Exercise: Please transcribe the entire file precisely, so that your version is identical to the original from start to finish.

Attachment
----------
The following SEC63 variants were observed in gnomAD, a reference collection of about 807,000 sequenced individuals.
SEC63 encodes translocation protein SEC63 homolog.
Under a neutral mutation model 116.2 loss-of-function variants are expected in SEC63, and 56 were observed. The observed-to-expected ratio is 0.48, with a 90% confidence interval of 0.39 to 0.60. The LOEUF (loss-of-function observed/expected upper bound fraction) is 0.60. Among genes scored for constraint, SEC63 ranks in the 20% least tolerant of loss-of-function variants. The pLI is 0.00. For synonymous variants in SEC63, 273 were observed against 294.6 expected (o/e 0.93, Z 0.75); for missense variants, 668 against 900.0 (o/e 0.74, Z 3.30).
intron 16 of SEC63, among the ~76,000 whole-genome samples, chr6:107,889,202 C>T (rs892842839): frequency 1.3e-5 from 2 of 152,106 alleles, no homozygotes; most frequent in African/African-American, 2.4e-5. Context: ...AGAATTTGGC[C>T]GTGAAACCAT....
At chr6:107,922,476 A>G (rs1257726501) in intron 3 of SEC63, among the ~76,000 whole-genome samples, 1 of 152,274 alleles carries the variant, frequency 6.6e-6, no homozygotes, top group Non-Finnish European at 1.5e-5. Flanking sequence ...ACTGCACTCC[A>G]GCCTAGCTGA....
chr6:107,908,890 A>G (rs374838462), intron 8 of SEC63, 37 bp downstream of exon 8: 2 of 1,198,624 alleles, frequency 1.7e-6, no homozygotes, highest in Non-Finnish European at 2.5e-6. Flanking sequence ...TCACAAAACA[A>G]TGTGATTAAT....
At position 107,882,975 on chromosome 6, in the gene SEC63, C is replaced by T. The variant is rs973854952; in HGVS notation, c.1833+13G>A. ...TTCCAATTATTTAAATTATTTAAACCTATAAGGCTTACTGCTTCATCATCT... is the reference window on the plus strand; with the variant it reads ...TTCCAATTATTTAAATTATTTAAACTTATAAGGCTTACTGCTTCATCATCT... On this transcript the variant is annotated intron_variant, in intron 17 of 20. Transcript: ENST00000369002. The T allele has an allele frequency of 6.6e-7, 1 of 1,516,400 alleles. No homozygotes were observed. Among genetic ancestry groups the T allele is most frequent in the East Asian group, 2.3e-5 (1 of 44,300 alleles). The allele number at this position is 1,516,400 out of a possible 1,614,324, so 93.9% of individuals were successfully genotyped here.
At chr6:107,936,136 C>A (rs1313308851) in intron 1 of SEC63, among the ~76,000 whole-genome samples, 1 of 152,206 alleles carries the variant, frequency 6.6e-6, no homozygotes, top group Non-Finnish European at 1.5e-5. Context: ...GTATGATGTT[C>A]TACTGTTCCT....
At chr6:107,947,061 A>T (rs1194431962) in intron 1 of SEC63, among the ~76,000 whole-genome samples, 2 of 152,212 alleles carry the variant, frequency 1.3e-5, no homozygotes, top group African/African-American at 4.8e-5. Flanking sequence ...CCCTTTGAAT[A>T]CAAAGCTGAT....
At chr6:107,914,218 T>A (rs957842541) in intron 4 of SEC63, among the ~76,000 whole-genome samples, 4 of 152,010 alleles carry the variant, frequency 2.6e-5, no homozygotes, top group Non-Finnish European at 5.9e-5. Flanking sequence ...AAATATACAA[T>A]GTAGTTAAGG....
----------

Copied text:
The following SEC63 variants were observed in gnomAD, a reference collection of about 807,000 sequenced individuals.
SEC63 encodes translocation protein SEC63 homolog.
Under a neutral mutation model 116.2 loss-of-function variants are expected in SEC63, and 56 were observed. The observed-to-expected ratio is 0.48, with a 90% confidence interval of 0.39 to 0.60. The LOEUF (loss-of-function observed/expected upper bound fraction) is 0.60. Among genes scored for constraint, SEC63 ranks in the 20% least tolerant of loss-of-function variants. The pLI is 0.00. For synonymous variants in SEC63, 273 were observed against 294.6 expected (o/e 0.93, Z 0.75); for missense variants, 668 against 900.0 (o/e 0.74, Z 3.30).
intron 16 of SEC63, among the ~76,000 whole-genome samples, chr6:107,889,202 C>T (rs892842839): frequency 1.3e-5 from 2 of 152,106 alleles, no homozygotes; most frequent in African/African-American, 2.4e-5. Context: ...AGAATTTGGC[C>T]GTGAAACCAT....
At chr6:107,922,476 A>G (rs1257726501) in intron 3 of SEC63, among the ~76,000 whole-genome samples, 1 of 152,274 alleles carries the variant, frequency 6.6e-6, no homozygotes, top group Non-Finnish European at 1.5e-5. Flanking sequence ...ACTGCACTCC[A>G]GCCTAGCTGA....
chr6:107,908,890 A>G (rs374838462), intron 8 of SEC63, 37 bp downstream of exon 8: 2 of 1,198,624 alleles, frequency 1.7e-6, no homozygotes, highest in Non-Finnish European at 2.5e-6. Flanking sequence ...TCACAAAACA[A>G]TGTGATTAAT....
At position 107,882,975 on chromosome 6, in the gene SEC63, C is replaced by T. The variant is rs973854952; in HGVS notation, c.1833+13G>A. ...TTCCAATTATTTAAATTATTTAAACCTATAAGGCTTACTGCTTCATCATCT... is the reference window on the plus strand; with the variant it reads ...TTCCAATTATTTAAATTATTTAAACTTATAAGGCTTACTGCTTCATCATCT... On this transcript the variant is annotated intron_variant, in intron 17 of 20. Transcript: ENST00000369002. The T allele has an allele frequency of 6.6e-7, 1 of 1,516,400 alleles. No homozygotes were observed. Among genetic ancestry groups the T allele is most frequent in the East Asian group, 2.3e-5 (1 of 44,300 alleles). The allele number at this position is 1,516,400 out of a possible 1,614,324, so 93.9% of individuals were successfully genotyped here.
At chr6:107,936,136 C>A (rs1313308851) in intron 1 of SEC63, among the ~76,000 whole-genome samples, 1 of 152,206 alleles carries the variant, frequency 6.6e-6, no homozygotes, top group Non-Finnish European at 1.5e-5. Context: ...GTATGATGTT[C>A]TACTGTTCCT....
At chr6:107,947,061 A>T (rs1194431962) in intron 1 of SEC63, among the ~76,000 whole-genome samples, 2 of 152,212 alleles carry the variant, frequency 1.3e-5, no homozygotes, top group African/African-American at 4.8e-5. Flanking sequence ...CCCTTTGAAT[A>T]CAAAGCTGAT....
At chr6:107,914,218 T>A (rs957842541) in intron 4 of SEC63, among the ~76,000 whole-genome samples, 4 of 152,010 alleles carry the variant, frequency 2.6e-5, no homozygotes, top group Non-Finnish European at 5.9e-5. Flanking sequence ...AAATATACAA[T>A]GTAGTTAAGG....